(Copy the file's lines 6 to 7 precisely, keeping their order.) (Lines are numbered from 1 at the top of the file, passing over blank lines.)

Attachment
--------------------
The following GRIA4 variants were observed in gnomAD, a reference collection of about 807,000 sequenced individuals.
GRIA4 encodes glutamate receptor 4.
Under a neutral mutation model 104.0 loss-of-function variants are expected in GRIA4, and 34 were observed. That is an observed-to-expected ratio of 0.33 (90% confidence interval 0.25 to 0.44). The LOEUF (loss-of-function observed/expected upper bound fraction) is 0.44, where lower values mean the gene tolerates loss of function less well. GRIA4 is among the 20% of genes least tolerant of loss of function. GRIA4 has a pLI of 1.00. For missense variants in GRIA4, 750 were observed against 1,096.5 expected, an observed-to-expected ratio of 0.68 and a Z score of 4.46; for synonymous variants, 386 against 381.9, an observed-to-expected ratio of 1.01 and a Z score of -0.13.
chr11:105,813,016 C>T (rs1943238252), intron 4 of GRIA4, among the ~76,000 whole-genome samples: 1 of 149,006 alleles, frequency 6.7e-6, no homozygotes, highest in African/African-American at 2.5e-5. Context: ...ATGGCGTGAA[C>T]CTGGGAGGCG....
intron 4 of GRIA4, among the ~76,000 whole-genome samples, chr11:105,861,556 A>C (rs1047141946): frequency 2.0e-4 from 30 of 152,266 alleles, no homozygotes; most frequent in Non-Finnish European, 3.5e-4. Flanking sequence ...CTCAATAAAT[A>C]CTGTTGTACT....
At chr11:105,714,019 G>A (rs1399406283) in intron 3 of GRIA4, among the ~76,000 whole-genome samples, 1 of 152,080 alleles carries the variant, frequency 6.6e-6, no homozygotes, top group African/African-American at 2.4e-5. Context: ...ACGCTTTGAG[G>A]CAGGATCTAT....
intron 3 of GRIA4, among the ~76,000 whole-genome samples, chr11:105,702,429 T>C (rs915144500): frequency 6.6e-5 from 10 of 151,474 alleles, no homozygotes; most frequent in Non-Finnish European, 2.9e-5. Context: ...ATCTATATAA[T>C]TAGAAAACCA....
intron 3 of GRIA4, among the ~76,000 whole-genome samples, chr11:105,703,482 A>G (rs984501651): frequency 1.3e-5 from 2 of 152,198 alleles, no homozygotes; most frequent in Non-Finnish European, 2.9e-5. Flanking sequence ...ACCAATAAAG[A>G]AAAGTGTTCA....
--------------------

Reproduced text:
At chr11:105,714,019 G>A (rs1399406283) in intron 3 of GRIA4, among the ~76,000 whole-genome samples, 1 of 152,080 alleles carries the variant, frequency 6.6e-6, no homozygotes, top group African/African-American at 2.4e-5. Context: ...ACGCTTTGAG[G>A]CAGGATCTAT....
intron 3 of GRIA4, among the ~76,000 whole-genome samples, chr11:105,702,429 T>C (rs915144500): frequency 6.6e-5 from 10 of 151,474 alleles, no homozygotes; most frequent in Non-Finnish European, 2.9e-5. Context: ...ATCTATATAA[T>C]TAGAAAACCA....